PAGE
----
Closing the Kitchen
The game continues until 1 player has played the last Ingredient card from their hand. Game play immediately stops and any cards still in the players’ hands are discarded. Points are now awarded. Collected piles of ingredients are matched to different burgers and any points earned are added together. The player who ended the game by emptying their hand is awarded an additional 50 points. The player with the most points wins the game and is promoted to Fry Cook.
To learn more about Order Up, visit the game’s web page on the Game Crafter.
The Child Geeks quickly understood the game’s objective and rules. They jumped into the game play and mostly laughed, but also growled. The game can move very fast and it’s easy to miss opportunities when playing with faster players. According to a 5-year-old Child Geek, “I like that I can play the game, but I need everyone to slow down.” While Child Geeks as young as 5-years-old demonstrated complete understanding of how the game was played, their overall speed always kept them slightly behind. This did reduce their level of fun, but not enough to stop them from playing. An older Child Geek said, “The hardest part of this game is remembering what is on the table and what you have in your hand.” Which is actually the whole game. If players spend too much time scanning their hand and the table, they will miss out on scoring opportunities. Order Up is meant to be fast and chaotic, which means ordered thinking has no place in the game. When all the games were over, the Child Geeks agreed that they liked the game in short bursts. As one Child Geek so expertly put it, “You have to be in the mood for this game.”
The Parent Geeks mostly enjoyed playing the game with their Child Geeks, but didn’t care for the game with just adults. One Parent Geek said, “The game is OK, but it’s just not a game I want to play with other adults. I’d rather play something that has more depth and makes me think instead of just forcing me to play quickly.” Another Parent Geek said, “I like that the game is easy enough for my youngest to play, but the older you get, the less interesting this game becomes.” To be clear, none of the Parent Geeks thought that Order Up was a bad game. They just didn’t think it was a game for them. As one Parent Geek put it, “I enjoy games that are slower, deeper, and challenge me on an intellectual level. The only thing this game challenged was my ability to play quickly and my patience.” When the votes were in, the Parent Geeks gave Order Up a mixed level of approval.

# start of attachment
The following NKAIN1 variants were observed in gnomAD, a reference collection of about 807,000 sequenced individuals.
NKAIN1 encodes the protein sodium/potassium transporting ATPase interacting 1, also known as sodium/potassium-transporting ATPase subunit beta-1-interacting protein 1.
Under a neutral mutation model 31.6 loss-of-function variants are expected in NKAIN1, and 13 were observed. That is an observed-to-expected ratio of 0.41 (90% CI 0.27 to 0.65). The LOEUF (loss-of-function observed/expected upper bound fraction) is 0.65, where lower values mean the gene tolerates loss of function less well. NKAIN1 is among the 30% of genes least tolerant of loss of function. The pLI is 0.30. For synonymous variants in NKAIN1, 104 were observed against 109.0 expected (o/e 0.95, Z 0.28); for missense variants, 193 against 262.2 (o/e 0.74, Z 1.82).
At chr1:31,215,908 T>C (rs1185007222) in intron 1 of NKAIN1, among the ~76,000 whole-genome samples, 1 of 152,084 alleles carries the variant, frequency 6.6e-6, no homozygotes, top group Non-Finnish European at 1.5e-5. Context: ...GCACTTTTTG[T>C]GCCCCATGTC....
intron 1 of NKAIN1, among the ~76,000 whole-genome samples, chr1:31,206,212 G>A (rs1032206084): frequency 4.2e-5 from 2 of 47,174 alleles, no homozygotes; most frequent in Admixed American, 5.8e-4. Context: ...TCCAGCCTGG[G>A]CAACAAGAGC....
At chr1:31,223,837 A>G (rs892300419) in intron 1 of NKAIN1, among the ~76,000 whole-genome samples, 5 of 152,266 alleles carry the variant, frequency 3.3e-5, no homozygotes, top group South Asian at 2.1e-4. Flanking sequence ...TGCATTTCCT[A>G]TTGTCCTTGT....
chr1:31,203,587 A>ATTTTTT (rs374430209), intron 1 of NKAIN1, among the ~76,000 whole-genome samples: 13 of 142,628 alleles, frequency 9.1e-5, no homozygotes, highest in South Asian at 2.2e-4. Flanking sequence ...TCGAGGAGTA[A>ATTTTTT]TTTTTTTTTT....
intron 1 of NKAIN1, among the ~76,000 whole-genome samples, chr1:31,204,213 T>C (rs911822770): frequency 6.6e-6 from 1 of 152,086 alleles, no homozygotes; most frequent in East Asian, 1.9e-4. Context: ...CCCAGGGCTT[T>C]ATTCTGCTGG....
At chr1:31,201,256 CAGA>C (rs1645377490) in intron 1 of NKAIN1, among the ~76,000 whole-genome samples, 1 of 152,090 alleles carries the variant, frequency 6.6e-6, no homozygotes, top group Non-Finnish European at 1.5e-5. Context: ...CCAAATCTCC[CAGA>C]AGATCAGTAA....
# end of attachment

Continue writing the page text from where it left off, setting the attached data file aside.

The Gamer Geeks played one game and decided to not play it again. As one Gamer Geek put it, “This is a one trick – excuse me – one burger pony. Play it once and you’ve played it all. It’s not a game I enjoy, but I can see myself playing this game with kids.” Another Gamer Geek said, “I think the game is flawed, or better put, weekly designed. You are always building the same pattern. The only real challenge is being the first to grab a completed recipe.” With the ability to have so many cards in your hand, the Gamer Geeks figured it was easier to just draw all the cards and very quickly build burgers in front of them, but this created additional problems. For example, a player’s opponents to the left and right simply waited until the toppings were done and then slammed a “Top Bun” Ingredient card down. Technically a legal move, but it made the game annoying instead of allowing the players to enjoy it. When all the dishes were cleaned up, the Gamer Geeks voted to reject the game.
Order Up is fast and chaotic at times, which might or might not be fun. Players have to enjoy the thrill of quick plays, made dashes, and out-of-nowhere upsets. Order Up is all about simply being faster, not smarter or more skilled. This makes the game accessible to younger Child Geeks, but it starts to get a bit old for older geeks who just want life to slow down a bit so they can enjoy a game. Clearly, knowing what you are getting into before you sit down for a game of Order Up will help the player mentally (and perhaps physically) prepare for the energy level that is required.
As for me, I liked the game with my little geeks, but didn’t care for it with other adults. Like the Parent Geeks, the game just didn’t do it for me. I appreciated what Order Up was about, but didn’t like the game play when it was just my peers. All that changed when it was just my little geeks. The game is a lot of fun with them and I greatly enjoy the look in my children’s eyes when they steal my burgers. If this sounds like a game you’d like to play with your Child Geeks or some energetic adults, give Order Up a try. It might not be the best game you’ve ever played, but I think it’ll satisfy your burger cravings.
This game was given to Father Geek as a review copy. Father Geek was not paid, bribed, wined, dined, or threatened in vain hopes of influencing this review. Such is the statuesque and legendary integrity of Father Geek.